Democratic candidates continue push in South Carolina

Democratic presidential hopefuls continued their push in South Carolina on Saturday, the day after 21 candidates pitched themselves at Jim Clyburn’s World Famous Fish Fry. Sen. Kamala Harris of California charged straight at Mr. Trump as she addressed hundreds of activists at the South Carolina Democratic Party Convention.

“We need somebody on our stage when it comes for that general election, who knows how to recognize a rap sheet when they see it and prosecute the case,” Harris said, playing off her experience as a state and local prosecutor as she shredded Mr. Trump on a litany of policy fronts.

Sen. Elizabeth Warren of Massachusetts pitched her progressive policies as an agenda with wide reach. “People across this nation understand it is time for big, structural change in America. The time for small ideas is over,” Warren said, adding the approach can draw in Democrats and Republicans.”

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Sen. Bernie Sanders of Vermont, meanwhile, pushed back at a centrist Democratic group, “Third Way,” and some of its members’ assertions that his democratic socialism is an “existential threat” to the party’s 2020 hopes.

Sanders countered that his left-flank agenda can win the White House. “We defeat Trump by running a campaign of energy and enthusiasm that substantially grows voter turnout … in a way we have never seen,” he said.

Former Vice President Joe Biden spoke later Saturday at both the convention and a forum hosted by Planned Parenthood. During his speech at the forum, Biden somewhat address controversy over prior remarks about the Hyde Amendment. After initially coming out in favor of the legislation, which generally bars federal funds from being used for abortions, Biden made an about-face.

In South Carolina on Saturday, Biden reiterated his stance against the Hyde Amendment.

Former Vice President, Joe Biden, adresses the audience at the We Decide: Planned Parenthood Action Fund 2020 Election Forum to Focus on Abortion and Reproductive Rights event in Columbia, SC on June, 22 2019. – Many of the Democratic candidates running for president are in Columbia to make appearances at the South Carolina Democratic Party Convention and the Planned Parenthood Election Forum on June 22. (Photo by Logan Cyrus / AFP) (Photo credit should read LOGAN CYRUS/AFP/Getty Images) Logan Cyrus / AFP/Getty Images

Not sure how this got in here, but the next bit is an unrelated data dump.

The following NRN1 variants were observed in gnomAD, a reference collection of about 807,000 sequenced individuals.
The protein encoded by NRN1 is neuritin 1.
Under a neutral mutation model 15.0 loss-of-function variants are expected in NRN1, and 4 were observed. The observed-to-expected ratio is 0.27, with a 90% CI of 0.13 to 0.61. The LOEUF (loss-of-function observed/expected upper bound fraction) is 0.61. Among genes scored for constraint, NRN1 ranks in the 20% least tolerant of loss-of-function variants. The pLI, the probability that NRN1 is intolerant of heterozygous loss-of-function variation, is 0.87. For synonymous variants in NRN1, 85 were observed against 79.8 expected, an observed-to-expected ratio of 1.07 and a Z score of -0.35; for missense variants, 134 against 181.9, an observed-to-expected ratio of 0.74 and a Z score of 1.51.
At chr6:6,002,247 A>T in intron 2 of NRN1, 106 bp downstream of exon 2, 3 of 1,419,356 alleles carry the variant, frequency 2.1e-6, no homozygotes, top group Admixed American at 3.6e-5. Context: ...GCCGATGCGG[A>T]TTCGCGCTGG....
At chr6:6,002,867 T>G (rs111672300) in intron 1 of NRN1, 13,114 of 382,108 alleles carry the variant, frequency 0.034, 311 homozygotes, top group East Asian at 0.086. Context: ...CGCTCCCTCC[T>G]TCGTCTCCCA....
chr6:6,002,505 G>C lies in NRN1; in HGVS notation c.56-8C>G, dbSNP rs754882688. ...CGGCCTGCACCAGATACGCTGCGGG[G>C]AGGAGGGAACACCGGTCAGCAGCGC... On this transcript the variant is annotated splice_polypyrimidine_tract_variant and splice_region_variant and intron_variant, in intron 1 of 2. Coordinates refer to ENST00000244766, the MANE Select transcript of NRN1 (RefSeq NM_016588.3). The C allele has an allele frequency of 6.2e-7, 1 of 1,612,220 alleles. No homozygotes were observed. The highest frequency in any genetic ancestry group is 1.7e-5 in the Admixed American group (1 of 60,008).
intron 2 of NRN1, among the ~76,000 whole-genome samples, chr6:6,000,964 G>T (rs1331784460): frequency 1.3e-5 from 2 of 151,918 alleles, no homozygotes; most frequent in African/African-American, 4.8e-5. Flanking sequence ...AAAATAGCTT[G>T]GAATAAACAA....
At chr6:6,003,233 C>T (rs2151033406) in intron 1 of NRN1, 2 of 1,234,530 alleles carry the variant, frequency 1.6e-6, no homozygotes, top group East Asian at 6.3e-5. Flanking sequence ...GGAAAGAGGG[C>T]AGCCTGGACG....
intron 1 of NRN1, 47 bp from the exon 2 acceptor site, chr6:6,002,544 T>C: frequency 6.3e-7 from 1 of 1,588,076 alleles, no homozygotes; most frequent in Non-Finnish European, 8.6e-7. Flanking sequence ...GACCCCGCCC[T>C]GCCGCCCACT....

“It became really clear to me that although the Hyde Amendment was designed to try to split the difference here to make sure women still had access, you can’t have access if in fact everyone is covered by a federal policy,” Biden said. “And so, that’s why, at the same time I announced that policy, I announced that I can no longer continue to abide by the Hyde Amendment.”

South Carolina boasts the largest electorate of the four early nominating states and its mix of black voters and moderate whites gives candidates a proving ground ahead of a Super Tuesday slate that includes other similar Southern states and hundreds of delegates at stake.

Biden has led national Democratic polls since he announced his bid in April. He has shown particular strength in South Carolina, where he has deep relationships from previous presidential runs, friendships with two of state’s towering former senators and, perhaps most important in 2020, his eight years President Obama’s vice president.

Mayor Pete Buttigieg of South Bend, Indiana, made his first appearance of the weekend on Saturday, a white politician whose relationships with black constituents are in the spotlight. Buttigieg had canceled his Friday plans in South Carolina to remain at home after a South Bend police officer shot and killed black man last weekend.

“We will heal and we will become stronger in the broken places,” Buttigieg promised on the morning after he was confronted by protesters in his hometown.

Buttigieg later promised massive investments in the black community on the scale of the Marshall Plan in post-World War II Europe.

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